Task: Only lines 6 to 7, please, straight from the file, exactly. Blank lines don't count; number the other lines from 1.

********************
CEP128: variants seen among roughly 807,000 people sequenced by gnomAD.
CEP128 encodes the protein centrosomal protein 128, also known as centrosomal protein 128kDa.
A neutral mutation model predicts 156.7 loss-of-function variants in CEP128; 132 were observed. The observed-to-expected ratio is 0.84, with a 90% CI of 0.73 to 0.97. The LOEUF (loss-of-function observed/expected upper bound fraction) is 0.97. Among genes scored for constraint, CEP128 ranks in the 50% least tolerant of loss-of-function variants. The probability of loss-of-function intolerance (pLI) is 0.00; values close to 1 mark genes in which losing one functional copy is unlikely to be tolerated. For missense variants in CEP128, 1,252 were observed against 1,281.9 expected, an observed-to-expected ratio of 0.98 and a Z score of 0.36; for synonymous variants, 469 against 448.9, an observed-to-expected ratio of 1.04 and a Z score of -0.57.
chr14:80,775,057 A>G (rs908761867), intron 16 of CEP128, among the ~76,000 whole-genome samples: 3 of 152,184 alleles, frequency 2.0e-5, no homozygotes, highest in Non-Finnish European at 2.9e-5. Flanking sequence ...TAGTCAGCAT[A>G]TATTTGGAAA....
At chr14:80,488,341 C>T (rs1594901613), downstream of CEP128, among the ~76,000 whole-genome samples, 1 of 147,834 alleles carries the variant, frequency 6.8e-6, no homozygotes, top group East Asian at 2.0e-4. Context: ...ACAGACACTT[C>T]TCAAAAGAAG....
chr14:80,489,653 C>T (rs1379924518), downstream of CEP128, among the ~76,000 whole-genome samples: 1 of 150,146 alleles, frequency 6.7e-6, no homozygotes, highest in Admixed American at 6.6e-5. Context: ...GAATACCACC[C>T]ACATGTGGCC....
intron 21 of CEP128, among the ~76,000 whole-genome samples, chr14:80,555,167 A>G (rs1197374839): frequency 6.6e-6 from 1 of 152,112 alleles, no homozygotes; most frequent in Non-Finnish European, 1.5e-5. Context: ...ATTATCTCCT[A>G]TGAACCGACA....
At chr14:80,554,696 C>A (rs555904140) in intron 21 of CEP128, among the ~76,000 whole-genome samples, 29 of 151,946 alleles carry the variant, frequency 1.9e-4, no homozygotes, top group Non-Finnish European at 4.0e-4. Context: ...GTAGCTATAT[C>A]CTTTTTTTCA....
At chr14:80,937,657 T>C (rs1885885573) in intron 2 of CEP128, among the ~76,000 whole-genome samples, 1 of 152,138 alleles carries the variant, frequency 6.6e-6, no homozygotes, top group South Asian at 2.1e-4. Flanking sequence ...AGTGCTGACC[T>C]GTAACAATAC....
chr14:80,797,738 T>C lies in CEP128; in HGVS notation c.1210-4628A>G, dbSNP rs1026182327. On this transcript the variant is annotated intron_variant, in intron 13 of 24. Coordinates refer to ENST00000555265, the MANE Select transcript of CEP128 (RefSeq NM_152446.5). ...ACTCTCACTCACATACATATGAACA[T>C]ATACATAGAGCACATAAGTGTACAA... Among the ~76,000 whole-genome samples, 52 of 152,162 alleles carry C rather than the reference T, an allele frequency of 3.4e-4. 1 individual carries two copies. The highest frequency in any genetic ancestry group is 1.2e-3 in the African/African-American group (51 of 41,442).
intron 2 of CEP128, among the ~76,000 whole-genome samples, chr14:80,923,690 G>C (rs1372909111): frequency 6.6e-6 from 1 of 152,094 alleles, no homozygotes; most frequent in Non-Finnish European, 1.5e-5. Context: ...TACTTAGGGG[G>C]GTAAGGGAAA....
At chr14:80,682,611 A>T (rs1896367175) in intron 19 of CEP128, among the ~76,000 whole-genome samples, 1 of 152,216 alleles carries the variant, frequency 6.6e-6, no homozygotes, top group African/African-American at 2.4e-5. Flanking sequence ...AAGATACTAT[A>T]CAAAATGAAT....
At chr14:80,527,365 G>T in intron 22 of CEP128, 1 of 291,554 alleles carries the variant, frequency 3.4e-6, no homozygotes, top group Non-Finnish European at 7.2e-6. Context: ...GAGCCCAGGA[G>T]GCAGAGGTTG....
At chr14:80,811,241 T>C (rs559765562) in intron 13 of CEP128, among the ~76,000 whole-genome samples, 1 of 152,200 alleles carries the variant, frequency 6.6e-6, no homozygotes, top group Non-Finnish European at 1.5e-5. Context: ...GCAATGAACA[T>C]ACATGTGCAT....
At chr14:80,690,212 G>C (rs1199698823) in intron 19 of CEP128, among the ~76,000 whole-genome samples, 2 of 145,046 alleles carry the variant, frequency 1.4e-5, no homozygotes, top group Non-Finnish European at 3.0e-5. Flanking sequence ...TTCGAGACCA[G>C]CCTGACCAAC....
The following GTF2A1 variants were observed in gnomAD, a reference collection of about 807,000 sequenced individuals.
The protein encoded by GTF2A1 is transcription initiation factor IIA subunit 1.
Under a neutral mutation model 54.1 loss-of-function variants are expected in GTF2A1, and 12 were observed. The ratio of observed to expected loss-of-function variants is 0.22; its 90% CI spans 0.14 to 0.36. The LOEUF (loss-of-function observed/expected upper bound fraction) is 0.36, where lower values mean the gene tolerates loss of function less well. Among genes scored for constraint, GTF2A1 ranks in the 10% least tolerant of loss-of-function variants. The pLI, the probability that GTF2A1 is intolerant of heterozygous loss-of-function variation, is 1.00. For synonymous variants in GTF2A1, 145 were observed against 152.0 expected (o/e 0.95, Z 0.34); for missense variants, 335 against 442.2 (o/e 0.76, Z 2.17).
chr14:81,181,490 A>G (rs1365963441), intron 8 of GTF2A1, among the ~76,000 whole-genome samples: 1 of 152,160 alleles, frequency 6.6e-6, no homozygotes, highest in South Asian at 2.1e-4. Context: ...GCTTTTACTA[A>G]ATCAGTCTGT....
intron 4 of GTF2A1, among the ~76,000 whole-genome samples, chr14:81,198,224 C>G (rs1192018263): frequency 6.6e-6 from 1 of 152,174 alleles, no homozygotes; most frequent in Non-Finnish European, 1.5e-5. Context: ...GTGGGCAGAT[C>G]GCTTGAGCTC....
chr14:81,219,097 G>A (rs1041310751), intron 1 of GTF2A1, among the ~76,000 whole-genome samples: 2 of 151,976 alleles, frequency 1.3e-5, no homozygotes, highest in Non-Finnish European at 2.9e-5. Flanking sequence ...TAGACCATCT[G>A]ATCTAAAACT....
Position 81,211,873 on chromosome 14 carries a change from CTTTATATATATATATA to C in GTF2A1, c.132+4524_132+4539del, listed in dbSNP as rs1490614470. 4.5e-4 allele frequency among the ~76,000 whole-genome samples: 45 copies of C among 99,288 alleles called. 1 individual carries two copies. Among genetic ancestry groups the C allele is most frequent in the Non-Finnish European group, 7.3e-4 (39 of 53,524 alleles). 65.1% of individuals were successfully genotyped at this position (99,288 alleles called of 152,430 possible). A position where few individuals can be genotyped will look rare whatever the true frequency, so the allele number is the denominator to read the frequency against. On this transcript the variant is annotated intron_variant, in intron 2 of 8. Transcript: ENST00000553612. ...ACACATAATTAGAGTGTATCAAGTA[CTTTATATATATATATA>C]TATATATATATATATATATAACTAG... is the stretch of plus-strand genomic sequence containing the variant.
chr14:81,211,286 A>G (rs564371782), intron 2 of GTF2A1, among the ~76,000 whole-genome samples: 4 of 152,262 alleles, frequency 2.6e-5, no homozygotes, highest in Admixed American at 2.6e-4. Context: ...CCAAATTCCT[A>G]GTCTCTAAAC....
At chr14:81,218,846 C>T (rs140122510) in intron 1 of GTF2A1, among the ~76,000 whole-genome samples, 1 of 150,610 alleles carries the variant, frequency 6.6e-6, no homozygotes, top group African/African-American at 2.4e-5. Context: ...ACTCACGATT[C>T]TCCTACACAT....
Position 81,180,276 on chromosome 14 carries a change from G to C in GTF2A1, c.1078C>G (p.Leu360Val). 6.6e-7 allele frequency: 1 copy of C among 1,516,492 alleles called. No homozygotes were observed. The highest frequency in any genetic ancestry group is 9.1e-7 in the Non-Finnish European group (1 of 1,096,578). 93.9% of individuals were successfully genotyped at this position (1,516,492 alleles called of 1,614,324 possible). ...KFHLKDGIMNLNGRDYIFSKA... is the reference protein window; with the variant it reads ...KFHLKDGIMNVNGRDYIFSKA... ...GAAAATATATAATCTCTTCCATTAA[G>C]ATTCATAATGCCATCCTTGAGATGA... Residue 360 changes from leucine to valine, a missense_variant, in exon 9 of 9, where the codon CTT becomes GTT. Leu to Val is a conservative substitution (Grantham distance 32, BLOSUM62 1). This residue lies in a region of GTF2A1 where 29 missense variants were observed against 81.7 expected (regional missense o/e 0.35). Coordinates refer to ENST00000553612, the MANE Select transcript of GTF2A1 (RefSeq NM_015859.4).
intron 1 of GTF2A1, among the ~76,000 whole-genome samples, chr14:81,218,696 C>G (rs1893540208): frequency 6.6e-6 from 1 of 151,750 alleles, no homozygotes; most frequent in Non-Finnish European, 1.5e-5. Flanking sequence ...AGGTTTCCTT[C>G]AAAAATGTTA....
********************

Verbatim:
chr14:80,489,653 C>T (rs1379924518), downstream of CEP128, among the ~76,000 whole-genome samples: 1 of 150,146 alleles, frequency 6.7e-6, no homozygotes, highest in Admixed American at 6.6e-5. Context: ...GAATACCACC[C>T]ACATGTGGCC....
intron 21 of CEP128, among the ~76,000 whole-genome samples, chr14:80,555,167 A>G (rs1197374839): frequency 6.6e-6 from 1 of 152,112 alleles, no homozygotes; most frequent in Non-Finnish European, 1.5e-5. Context: ...ATTATCTCCT[A>G]TGAACCGACA....